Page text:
A school of Tibetan Buddhism founded by the eleventh century century Indian scholar and saint
Atisha and his Tibetan disciple Dromtonpa. This school is particularly known for its great emphasis on
practical application of the ideals of a Bodhisattva within the practitioner's daily life and is responsible
for the development in Tibet of a specific collection of writings known as Lojong or "Thought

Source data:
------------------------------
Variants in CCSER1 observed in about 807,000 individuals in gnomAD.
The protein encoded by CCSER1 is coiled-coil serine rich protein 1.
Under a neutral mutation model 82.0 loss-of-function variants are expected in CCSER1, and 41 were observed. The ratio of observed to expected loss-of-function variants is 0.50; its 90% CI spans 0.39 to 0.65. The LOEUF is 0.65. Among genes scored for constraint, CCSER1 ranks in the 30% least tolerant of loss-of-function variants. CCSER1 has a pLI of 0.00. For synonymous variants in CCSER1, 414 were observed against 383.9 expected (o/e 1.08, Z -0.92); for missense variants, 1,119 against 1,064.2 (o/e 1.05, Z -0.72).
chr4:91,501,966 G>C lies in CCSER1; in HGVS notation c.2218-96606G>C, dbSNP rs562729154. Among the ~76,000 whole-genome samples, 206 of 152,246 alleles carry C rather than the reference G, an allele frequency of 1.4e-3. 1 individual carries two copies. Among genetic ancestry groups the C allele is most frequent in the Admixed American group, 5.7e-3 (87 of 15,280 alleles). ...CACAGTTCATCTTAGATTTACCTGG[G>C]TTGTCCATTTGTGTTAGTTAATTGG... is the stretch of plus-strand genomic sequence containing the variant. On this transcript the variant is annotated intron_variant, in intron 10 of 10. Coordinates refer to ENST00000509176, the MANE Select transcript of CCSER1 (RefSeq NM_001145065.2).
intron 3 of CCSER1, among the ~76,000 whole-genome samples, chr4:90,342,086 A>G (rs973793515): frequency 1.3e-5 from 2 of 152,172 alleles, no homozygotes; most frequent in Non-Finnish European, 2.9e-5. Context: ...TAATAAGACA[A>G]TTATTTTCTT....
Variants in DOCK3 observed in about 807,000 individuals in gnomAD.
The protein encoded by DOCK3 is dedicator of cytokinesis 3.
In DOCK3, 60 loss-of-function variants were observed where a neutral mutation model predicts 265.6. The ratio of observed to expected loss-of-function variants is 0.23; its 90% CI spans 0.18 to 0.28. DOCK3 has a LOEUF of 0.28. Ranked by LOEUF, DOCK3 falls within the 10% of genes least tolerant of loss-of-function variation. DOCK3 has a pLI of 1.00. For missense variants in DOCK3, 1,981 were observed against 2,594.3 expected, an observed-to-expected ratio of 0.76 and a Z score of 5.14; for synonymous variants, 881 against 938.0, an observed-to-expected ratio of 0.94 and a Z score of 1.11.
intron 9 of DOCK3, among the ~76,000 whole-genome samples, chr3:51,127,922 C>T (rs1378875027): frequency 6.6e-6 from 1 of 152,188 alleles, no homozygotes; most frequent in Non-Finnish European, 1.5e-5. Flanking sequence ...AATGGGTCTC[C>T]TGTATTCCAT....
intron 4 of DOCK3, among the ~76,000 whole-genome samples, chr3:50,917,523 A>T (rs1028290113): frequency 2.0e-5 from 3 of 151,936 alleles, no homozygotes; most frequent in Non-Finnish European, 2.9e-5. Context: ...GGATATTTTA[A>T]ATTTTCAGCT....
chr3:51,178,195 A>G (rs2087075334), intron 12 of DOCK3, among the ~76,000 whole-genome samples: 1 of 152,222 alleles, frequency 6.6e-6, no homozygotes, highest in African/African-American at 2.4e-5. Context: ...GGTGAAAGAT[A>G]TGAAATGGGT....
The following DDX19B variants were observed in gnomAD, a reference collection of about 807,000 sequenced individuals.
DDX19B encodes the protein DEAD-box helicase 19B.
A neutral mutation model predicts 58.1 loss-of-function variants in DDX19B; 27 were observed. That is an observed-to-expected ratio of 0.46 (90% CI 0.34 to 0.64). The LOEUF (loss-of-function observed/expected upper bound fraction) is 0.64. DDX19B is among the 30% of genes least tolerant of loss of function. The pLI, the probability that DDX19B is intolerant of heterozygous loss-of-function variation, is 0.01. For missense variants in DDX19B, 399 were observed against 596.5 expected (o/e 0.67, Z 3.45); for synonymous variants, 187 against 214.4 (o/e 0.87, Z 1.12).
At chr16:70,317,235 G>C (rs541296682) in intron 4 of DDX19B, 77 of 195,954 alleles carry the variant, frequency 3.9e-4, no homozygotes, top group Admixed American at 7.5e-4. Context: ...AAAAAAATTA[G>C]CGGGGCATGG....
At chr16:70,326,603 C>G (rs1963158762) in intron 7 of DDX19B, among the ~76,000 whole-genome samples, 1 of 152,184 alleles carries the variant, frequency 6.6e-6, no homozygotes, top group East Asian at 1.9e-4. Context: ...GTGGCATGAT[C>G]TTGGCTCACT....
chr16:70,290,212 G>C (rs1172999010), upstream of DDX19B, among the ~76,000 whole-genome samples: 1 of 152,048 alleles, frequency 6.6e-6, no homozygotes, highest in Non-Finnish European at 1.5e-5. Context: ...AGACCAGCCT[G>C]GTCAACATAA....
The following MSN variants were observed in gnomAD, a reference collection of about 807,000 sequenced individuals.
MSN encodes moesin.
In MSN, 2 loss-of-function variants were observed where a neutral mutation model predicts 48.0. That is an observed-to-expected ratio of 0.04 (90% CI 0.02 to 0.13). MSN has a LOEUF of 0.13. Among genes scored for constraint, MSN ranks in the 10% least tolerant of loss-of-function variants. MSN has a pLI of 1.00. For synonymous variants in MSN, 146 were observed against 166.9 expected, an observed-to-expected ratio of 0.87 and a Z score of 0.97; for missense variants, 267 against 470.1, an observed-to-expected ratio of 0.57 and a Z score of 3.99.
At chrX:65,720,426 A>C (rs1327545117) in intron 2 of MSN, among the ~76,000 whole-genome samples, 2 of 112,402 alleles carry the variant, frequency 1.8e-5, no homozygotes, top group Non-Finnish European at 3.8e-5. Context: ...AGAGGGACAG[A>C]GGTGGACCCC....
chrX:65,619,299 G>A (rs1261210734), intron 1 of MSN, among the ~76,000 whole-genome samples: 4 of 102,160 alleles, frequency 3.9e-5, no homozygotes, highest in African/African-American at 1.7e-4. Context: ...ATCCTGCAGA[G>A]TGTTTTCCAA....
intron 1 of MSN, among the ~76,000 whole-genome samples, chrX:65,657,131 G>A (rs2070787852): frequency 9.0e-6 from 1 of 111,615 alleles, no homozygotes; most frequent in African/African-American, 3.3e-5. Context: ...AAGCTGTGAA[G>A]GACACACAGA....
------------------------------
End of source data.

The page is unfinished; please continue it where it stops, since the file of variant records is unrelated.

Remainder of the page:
". The Kadam school later evolved into three sub-divisions Lamrimpa, Shungpawa, and
Mengapa, each founded by one of the three Kadam brothers, whose names were Potowa, Chekawa,
and Phuljungwa. Although there is no existing school of Tibetan Buddhism now explicitly known as
Kadam, the teachings in this school are highly respected by all the four major traditions, and in
particular by the Gelug school, which is also sometimes known as the "new Kadam" school.